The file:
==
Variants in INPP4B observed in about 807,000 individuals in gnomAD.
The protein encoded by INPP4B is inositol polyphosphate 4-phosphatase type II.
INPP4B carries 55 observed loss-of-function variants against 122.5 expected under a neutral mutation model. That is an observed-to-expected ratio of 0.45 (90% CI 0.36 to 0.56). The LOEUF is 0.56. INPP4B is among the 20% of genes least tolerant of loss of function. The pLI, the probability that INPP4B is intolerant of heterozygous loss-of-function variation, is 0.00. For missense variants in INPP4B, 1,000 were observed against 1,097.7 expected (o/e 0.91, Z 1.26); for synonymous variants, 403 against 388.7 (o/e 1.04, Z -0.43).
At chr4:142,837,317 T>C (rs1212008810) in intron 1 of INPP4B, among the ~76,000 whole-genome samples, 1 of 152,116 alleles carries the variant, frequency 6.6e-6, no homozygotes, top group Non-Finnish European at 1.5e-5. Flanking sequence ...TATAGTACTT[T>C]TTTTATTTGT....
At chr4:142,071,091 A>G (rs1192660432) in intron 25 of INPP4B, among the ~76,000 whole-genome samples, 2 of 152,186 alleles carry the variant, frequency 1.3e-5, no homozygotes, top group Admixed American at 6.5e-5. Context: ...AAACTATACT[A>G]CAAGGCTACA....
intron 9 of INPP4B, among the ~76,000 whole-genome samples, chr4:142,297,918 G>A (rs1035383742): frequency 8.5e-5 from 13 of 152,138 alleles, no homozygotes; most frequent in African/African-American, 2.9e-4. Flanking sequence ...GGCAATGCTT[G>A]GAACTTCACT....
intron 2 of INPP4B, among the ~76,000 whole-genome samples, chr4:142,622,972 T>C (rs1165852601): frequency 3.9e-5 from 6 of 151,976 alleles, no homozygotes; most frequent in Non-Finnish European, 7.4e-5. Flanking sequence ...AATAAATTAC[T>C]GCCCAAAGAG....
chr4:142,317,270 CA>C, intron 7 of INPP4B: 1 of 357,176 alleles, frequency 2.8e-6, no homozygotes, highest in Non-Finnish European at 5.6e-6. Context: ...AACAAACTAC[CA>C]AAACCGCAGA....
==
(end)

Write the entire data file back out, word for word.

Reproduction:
Variants in INPP4B observed in about 807,000 individuals in gnomAD.
The protein encoded by INPP4B is inositol polyphosphate 4-phosphatase type II.
INPP4B carries 55 observed loss-of-function variants against 122.5 expected under a neutral mutation model. That is an observed-to-expected ratio of 0.45 (90% CI 0.36 to 0.56). The LOEUF is 0.56. INPP4B is among the 20% of genes least tolerant of loss of function. The pLI, the probability that INPP4B is intolerant of heterozygous loss-of-function variation, is 0.00. For missense variants in INPP4B, 1,000 were observed against 1,097.7 expected (o/e 0.91, Z 1.26); for synonymous variants, 403 against 388.7 (o/e 1.04, Z -0.43).
At chr4:142,837,317 T>C (rs1212008810) in intron 1 of INPP4B, among the ~76,000 whole-genome samples, 1 of 152,116 alleles carries the variant, frequency 6.6e-6, no homozygotes, top group Non-Finnish European at 1.5e-5. Flanking sequence ...TATAGTACTT[T>C]TTTTATTTGT....
At chr4:142,071,091 A>G (rs1192660432) in intron 25 of INPP4B, among the ~76,000 whole-genome samples, 2 of 152,186 alleles carry the variant, frequency 1.3e-5, no homozygotes, top group Admixed American at 6.5e-5. Context: ...AAACTATACT[A>G]CAAGGCTACA....
intron 9 of INPP4B, among the ~76,000 whole-genome samples, chr4:142,297,918 G>A (rs1035383742): frequency 8.5e-5 from 13 of 152,138 alleles, no homozygotes; most frequent in African/African-American, 2.9e-4. Flanking sequence ...GGCAATGCTT[G>A]GAACTTCACT....
intron 2 of INPP4B, among the ~76,000 whole-genome samples, chr4:142,622,972 T>C (rs1165852601): frequency 3.9e-5 from 6 of 151,976 alleles, no homozygotes; most frequent in Non-Finnish European, 7.4e-5. Flanking sequence ...AATAAATTAC[T>C]GCCCAAAGAG....
chr4:142,317,270 CA>C, intron 7 of INPP4B: 1 of 357,176 alleles, frequency 2.8e-6, no homozygotes, highest in Non-Finnish European at 5.6e-6. Context: ...AACAAACTAC[CA>C]AAACCGCAGA....